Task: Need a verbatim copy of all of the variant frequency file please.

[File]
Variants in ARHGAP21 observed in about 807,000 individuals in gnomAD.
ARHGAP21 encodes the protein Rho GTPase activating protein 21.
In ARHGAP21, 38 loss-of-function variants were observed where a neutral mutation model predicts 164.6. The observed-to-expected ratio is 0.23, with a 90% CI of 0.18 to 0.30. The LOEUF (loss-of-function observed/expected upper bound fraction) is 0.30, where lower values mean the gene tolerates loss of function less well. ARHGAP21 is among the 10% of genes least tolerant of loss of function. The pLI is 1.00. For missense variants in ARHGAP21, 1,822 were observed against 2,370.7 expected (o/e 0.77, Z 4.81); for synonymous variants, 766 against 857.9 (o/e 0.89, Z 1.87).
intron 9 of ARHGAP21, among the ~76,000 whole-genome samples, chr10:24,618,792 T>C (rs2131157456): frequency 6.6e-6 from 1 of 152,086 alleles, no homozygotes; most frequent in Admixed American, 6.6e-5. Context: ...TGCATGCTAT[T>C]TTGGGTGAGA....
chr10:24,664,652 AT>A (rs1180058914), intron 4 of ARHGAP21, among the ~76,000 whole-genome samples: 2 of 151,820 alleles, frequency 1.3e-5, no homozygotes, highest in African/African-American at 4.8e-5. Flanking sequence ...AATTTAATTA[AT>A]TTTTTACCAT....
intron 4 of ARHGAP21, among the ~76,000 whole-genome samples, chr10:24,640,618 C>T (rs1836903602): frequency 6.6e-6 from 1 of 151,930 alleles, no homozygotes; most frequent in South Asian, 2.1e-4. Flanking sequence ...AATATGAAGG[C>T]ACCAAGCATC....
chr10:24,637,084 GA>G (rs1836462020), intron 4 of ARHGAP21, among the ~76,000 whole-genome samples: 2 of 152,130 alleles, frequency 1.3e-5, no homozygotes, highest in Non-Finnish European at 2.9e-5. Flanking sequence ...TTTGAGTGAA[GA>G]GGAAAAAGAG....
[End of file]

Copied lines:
Variants in ARHGAP21 observed in about 807,000 individuals in gnomAD.
ARHGAP21 encodes the protein Rho GTPase activating protein 21.
In ARHGAP21, 38 loss-of-function variants were observed where a neutral mutation model predicts 164.6. The observed-to-expected ratio is 0.23, with a 90% CI of 0.18 to 0.30. The LOEUF (loss-of-function observed/expected upper bound fraction) is 0.30, where lower values mean the gene tolerates loss of function less well. ARHGAP21 is among the 10% of genes least tolerant of loss of function. The pLI is 1.00. For missense variants in ARHGAP21, 1,822 were observed against 2,370.7 expected (o/e 0.77, Z 4.81); for synonymous variants, 766 against 857.9 (o/e 0.89, Z 1.87).
intron 9 of ARHGAP21, among the ~76,000 whole-genome samples, chr10:24,618,792 T>C (rs2131157456): frequency 6.6e-6 from 1 of 152,086 alleles, no homozygotes; most frequent in Admixed American, 6.6e-5. Context: ...TGCATGCTAT[T>C]TTGGGTGAGA....
chr10:24,664,652 AT>A (rs1180058914), intron 4 of ARHGAP21, among the ~76,000 whole-genome samples: 2 of 151,820 alleles, frequency 1.3e-5, no homozygotes, highest in African/African-American at 4.8e-5. Flanking sequence ...AATTTAATTA[AT>A]TTTTTACCAT....
intron 4 of ARHGAP21, among the ~76,000 whole-genome samples, chr10:24,640,618 C>T (rs1836903602): frequency 6.6e-6 from 1 of 151,930 alleles, no homozygotes; most frequent in South Asian, 2.1e-4. Flanking sequence ...AATATGAAGG[C>T]ACCAAGCATC....
chr10:24,637,084 GA>G (rs1836462020), intron 4 of ARHGAP21, among the ~76,000 whole-genome samples: 2 of 152,130 alleles, frequency 1.3e-5, no homozygotes, highest in Non-Finnish European at 2.9e-5. Flanking sequence ...TTTGAGTGAA[GA>G]GGAAAAAGAG....